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Home > About > History
History of Puerto Rico
Puerto Rico’s history is a fascinating chronicle of the Old World and the New. Our story is written into the very walls of our colonial cities, told in the blend of indigenous and Spanish words that make up our language, and enjoyed by every visitor who walks along our 500-year-old, blue-tinged cobblestone street. On this island, history has been made time and again.
When Christopher Columbus reached Puerto Rico in 1493, the island was inhabited by an Arawak Indian tribe known as the Taíno. The Taíno were the most recent of numerous indigenous tribes to settle the island, which they Borikén. (Today, we often say boricua to describe a native Puerto Rican.) Evidence of life in Puerto Rico dates back to 2,000 B.C. and the Ortoroid tribe, who were followed by the Igneri in 120 A.D.
Columbus claimed Puerto Rico for Spain and named it San Juan Bautista, but the Spanish would not settle the island until 1508, when Juan Ponce de León landed on its shores and established the town of Caparra in the north of the island. A year later, he moved east and founded a new city that boasted a deep harbor; he called it Puerto Rico, or “Rich Port.” This would soon become the name of the island, while the town would come to be known as San Juan.
The arrival of the Spanish conquistadors nearly wiped out the native Taíno population; their remaining descendants gradually merged with the Spanish settlers and the African slaves that the conquistadors brought to the island.
The earliest Spanish buildings in San Juan included fortresses and churches. In 1512, Alonso Manso became the first bishop to reach the Americas. He established a diocese in Puerto Rico and, in 1521, began construction of the Catedral de San Juan, one of the oldest churches in the New World. In the 1530s, the Spanish began building two forts—the Santa Catalina Palace (today’s La Fortaleza), and Castillo de San Felipe del Morro, which helped establish Puerto Rico as a military outpost.
For almost three centuries, San Juan would face attack by French, Dutch and British forces as well as pirates. The city strengthened its defenses by encircling its borders with a thick wall and building an additional fortress in 1634 called Castillo de San Cristóbal, which would become the largest Spanish fortification in the New World.
Puerto Rico and the Jíbaros
In the 1700s, Puerto Rico’s fortunes began to change, thanks to an agricultural boom. Sugar, tobacco and coffee became lucrative exports that gave rise to a wealthy class of landowners and a labor class of country folk called the jíbaros. The jíbaro have come to be a cherished part of our social fabric, and their music, culture and hardworking spirit have helped define modern Puerto Rico.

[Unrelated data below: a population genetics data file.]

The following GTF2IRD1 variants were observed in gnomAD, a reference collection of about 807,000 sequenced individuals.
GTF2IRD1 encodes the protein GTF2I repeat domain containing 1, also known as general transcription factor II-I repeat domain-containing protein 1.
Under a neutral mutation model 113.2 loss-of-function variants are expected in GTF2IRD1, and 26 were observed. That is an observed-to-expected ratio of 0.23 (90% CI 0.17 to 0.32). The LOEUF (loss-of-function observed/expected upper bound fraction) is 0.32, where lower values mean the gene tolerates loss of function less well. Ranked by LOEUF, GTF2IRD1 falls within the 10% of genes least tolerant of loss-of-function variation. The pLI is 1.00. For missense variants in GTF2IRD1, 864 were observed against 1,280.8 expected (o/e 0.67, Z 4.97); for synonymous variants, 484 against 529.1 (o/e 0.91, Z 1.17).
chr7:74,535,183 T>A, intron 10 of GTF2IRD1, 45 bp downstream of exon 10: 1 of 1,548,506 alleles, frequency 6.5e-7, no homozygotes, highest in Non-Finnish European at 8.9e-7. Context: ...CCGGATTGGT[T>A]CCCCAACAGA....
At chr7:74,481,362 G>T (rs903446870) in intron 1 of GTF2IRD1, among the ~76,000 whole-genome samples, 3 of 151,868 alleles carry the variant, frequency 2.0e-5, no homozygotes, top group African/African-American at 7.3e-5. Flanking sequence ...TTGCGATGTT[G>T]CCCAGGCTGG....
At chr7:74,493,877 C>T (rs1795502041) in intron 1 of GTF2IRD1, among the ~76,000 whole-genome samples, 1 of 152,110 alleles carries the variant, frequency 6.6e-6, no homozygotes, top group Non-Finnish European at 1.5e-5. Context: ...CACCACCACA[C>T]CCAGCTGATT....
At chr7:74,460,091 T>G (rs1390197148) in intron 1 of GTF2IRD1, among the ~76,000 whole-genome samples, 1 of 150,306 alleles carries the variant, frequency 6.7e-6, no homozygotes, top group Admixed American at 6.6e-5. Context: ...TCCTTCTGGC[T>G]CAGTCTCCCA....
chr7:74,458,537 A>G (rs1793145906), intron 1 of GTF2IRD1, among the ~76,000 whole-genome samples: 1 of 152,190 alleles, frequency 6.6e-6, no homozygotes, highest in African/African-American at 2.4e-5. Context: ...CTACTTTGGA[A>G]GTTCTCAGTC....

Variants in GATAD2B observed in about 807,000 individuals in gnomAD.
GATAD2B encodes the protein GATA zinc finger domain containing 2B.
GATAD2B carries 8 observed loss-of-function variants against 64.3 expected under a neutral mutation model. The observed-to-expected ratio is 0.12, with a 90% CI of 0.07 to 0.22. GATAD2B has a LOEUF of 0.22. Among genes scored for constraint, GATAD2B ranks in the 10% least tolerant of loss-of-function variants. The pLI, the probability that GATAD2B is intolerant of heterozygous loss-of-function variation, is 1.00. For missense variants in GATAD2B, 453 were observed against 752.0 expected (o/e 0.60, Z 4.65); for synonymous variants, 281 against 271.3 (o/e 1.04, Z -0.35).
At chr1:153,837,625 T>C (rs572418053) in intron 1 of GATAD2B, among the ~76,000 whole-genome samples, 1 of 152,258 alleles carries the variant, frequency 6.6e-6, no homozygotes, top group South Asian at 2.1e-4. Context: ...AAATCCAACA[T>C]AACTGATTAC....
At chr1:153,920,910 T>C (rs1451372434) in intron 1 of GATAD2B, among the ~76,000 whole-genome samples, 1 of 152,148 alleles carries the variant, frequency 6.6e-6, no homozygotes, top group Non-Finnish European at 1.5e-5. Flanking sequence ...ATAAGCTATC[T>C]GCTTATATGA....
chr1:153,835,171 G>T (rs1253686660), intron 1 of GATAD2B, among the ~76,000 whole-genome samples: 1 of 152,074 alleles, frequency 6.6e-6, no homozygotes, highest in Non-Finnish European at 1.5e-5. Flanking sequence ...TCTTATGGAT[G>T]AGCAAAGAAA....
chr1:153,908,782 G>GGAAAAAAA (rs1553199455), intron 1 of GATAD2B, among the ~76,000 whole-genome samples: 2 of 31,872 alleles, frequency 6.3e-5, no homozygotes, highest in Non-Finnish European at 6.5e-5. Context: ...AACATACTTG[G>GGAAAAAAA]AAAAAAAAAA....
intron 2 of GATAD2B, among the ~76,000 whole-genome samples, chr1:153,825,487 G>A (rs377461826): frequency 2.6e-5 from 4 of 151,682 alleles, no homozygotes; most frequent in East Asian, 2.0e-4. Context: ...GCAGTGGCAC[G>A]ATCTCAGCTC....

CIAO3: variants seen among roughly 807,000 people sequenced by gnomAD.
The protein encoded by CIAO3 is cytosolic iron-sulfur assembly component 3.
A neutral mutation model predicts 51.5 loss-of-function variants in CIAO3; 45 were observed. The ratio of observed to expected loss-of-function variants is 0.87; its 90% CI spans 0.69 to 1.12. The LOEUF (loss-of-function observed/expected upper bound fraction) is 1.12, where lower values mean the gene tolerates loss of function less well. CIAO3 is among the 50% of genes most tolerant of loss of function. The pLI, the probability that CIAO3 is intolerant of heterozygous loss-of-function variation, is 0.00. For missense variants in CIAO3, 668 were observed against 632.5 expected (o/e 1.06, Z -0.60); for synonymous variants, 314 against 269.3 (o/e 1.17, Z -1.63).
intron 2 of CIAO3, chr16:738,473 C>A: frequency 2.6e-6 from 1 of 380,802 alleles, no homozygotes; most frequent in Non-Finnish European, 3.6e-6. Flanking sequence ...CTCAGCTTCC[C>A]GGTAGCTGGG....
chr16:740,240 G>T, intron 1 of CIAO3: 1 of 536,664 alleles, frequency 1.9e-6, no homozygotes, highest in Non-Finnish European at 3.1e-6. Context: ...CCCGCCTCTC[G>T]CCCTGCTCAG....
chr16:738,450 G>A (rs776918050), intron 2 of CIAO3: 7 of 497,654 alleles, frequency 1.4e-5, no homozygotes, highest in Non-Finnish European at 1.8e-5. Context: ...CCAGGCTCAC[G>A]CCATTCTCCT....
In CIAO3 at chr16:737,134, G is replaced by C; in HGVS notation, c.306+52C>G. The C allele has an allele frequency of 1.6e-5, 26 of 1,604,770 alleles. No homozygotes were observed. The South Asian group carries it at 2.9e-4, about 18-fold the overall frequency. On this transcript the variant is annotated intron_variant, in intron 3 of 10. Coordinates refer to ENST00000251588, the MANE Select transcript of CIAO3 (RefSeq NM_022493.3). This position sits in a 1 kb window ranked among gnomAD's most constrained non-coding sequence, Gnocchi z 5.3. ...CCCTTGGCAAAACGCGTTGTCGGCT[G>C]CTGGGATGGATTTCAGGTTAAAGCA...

In the 1800s, Puerto Ricans began to chafe under Spanish rule. On September 23, 1868, a physician named Ramón E. Betances led an uprising in the small town of Lares. The rebellion came to be known as the Grito de Lares, or “Cry of Lares,” and became a symbol of popular unrest on the island.
From Spain to the United States
In 1870, Puerto Rico saw the establishment of its first political parties: The Liberal Conservative Party was traditionalist, while the Liberal Reformist Party favored autonomy. Leading the Autonomy movement was Luis Muñoz Rivera, the “George Washington of Puerto Rico.” It was Rivera’s determined efforts that gave Puerto Rico its first taste of freedom in 1897. But the Spanish-American War in 1898 brought the island under U.S. control.
In the 1940s, Luis Muñoz Rivera’s son, Luis Muñoz Marín, continued the push for reform and autonomy that his father began. He became the first Puerto Rican governor to be elected by Puerto Ricans, and is known today as “The Father of Modern Puerto Rico.”
In 1952, Puerto Rico ratified its own constitution and officially became a commonwealth, or “free associated state” of the United States. It was a time of rapid modernization on the island. In 1947, Puerto Rico embarked on an industrial advancement program called “Operación Manos a la Obra,” or “Operation Bootstrap,” which introduced growth through external capital and tax exemptions. Coupled with US laws that allowed for exemption from federal taxes for businesses operating in Puerto Rico, Operation Bootstrap ushered in an unprecedented era of prosperity. The island’s agricultural backbone gave way to a new industrial economy, and it became a highly desirable destination for U.S. corporate interests. In particular, manufacturing and pharmaceuticals companies planted deep roots on the island, so much so that Puerto Rico became the source for nearly all drugs that carried the label “Made in America.”
This economic golden age brought an additional industry to the island: tourism. The influx of capital and businesses also introduced a relatively new concept: the Caribbean resort. In 1949, Hilton Hotels opened the Caribe Hilton, its first hotel outside the U.S.
The question of Puerto Rico’s political status was put to the vote in 1967, and again in 1993 and 1998. Today, the island remains a commonwealth, but the debate over statehood, independence or commonwealth continues.